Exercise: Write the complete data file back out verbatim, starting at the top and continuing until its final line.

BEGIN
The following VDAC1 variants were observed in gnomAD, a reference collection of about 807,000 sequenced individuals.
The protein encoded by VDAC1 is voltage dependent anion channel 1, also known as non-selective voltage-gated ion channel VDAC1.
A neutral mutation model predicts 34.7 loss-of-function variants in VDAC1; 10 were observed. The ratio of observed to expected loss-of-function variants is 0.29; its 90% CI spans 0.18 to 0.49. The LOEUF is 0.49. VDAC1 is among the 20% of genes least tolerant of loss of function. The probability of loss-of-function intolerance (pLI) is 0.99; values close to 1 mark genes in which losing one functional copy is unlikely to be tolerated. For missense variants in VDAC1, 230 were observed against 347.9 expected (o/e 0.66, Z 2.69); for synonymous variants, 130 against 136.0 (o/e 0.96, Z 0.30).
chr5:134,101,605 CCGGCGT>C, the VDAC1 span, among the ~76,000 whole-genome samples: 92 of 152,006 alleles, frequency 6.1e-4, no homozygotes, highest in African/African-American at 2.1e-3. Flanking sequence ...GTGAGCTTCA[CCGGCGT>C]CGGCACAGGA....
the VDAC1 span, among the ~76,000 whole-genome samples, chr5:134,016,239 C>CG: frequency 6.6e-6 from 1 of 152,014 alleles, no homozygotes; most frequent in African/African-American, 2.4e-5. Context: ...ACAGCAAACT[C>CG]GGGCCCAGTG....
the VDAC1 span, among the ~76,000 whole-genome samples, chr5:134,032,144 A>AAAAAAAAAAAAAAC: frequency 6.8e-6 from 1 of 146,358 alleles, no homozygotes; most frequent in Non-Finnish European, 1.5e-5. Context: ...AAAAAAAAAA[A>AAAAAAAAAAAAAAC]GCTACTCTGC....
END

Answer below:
The following VDAC1 variants were observed in gnomAD, a reference collection of about 807,000 sequenced individuals.
The protein encoded by VDAC1 is voltage dependent anion channel 1, also known as non-selective voltage-gated ion channel VDAC1.
A neutral mutation model predicts 34.7 loss-of-function variants in VDAC1; 10 were observed. The ratio of observed to expected loss-of-function variants is 0.29; its 90% CI spans 0.18 to 0.49. The LOEUF is 0.49. VDAC1 is among the 20% of genes least tolerant of loss of function. The probability of loss-of-function intolerance (pLI) is 0.99; values close to 1 mark genes in which losing one functional copy is unlikely to be tolerated. For missense variants in VDAC1, 230 were observed against 347.9 expected (o/e 0.66, Z 2.69); for synonymous variants, 130 against 136.0 (o/e 0.96, Z 0.30).
chr5:134,101,605 CCGGCGT>C, the VDAC1 span, among the ~76,000 whole-genome samples: 92 of 152,006 alleles, frequency 6.1e-4, no homozygotes, highest in African/African-American at 2.1e-3. Flanking sequence ...GTGAGCTTCA[CCGGCGT>C]CGGCACAGGA....
the VDAC1 span, among the ~76,000 whole-genome samples, chr5:134,016,239 C>CG: frequency 6.6e-6 from 1 of 152,014 alleles, no homozygotes; most frequent in African/African-American, 2.4e-5. Context: ...ACAGCAAACT[C>CG]GGGCCCAGTG....
the VDAC1 span, among the ~76,000 whole-genome samples, chr5:134,032,144 A>AAAAAAAAAAAAAAC: frequency 6.8e-6 from 1 of 146,358 alleles, no homozygotes; most frequent in Non-Finnish European, 1.5e-5. Context: ...AAAAAAAAAA[A>AAAAAAAAAAAAAAC]GCTACTCTGC....